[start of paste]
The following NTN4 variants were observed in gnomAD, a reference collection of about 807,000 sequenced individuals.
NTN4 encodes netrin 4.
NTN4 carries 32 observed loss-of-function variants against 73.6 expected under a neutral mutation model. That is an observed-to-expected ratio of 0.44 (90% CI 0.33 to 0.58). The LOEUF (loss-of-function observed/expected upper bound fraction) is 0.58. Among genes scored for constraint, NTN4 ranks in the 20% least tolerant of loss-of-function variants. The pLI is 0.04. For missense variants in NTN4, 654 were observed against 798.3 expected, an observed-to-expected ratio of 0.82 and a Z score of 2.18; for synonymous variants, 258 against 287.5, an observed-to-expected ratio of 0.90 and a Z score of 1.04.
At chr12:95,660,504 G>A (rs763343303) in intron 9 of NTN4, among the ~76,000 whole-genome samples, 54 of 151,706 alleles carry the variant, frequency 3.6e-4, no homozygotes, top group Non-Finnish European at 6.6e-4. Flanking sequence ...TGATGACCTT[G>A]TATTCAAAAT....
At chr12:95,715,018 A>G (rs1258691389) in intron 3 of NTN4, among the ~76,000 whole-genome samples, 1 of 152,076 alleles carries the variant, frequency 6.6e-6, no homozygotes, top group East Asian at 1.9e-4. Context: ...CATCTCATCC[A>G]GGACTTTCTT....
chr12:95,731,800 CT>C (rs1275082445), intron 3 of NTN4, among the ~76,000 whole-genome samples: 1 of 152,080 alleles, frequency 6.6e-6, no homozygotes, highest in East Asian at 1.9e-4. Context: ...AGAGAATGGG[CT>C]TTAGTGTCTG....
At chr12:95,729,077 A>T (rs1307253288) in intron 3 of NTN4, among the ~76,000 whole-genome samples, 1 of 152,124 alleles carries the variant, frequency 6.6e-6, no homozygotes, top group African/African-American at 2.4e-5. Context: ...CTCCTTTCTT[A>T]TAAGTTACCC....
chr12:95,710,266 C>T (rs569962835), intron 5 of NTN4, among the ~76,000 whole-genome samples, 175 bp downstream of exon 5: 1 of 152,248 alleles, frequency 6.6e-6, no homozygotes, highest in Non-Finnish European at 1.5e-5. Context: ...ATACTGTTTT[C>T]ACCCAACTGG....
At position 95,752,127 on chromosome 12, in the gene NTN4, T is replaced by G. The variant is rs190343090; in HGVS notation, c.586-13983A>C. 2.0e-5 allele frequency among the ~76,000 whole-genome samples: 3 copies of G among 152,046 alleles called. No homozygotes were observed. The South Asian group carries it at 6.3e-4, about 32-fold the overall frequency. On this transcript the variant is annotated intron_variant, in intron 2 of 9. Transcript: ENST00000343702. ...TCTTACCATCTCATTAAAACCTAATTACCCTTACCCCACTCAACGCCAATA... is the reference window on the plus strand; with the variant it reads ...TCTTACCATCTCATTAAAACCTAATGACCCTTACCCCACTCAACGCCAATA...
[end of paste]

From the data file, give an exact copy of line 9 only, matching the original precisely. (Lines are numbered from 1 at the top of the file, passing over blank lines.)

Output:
At position 95,752,127 on chromosome 12, in the gene NTN4, T is replaced by G. The variant is rs190343090; in HGVS notation, c.586-13983A>C. 2.0e-5 allele frequency among the ~76,000 whole-genome samples: 3 copies of G among 152,046 alleles called. No homozygotes were observed. The South Asian group carries it at 6.3e-4, about 32-fold the overall frequency. On this transcript the variant is annotated intron_variant, in intron 2 of 9. Transcript: ENST00000343702. ...TCTTACCATCTCATTAAAACCTAATTACCCTTACCCCACTCAACGCCAATA... is the reference window on the plus strand; with the variant it reads ...TCTTACCATCTCATTAAAACCTAATGACCCTTACCCCACTCAACGCCAATA...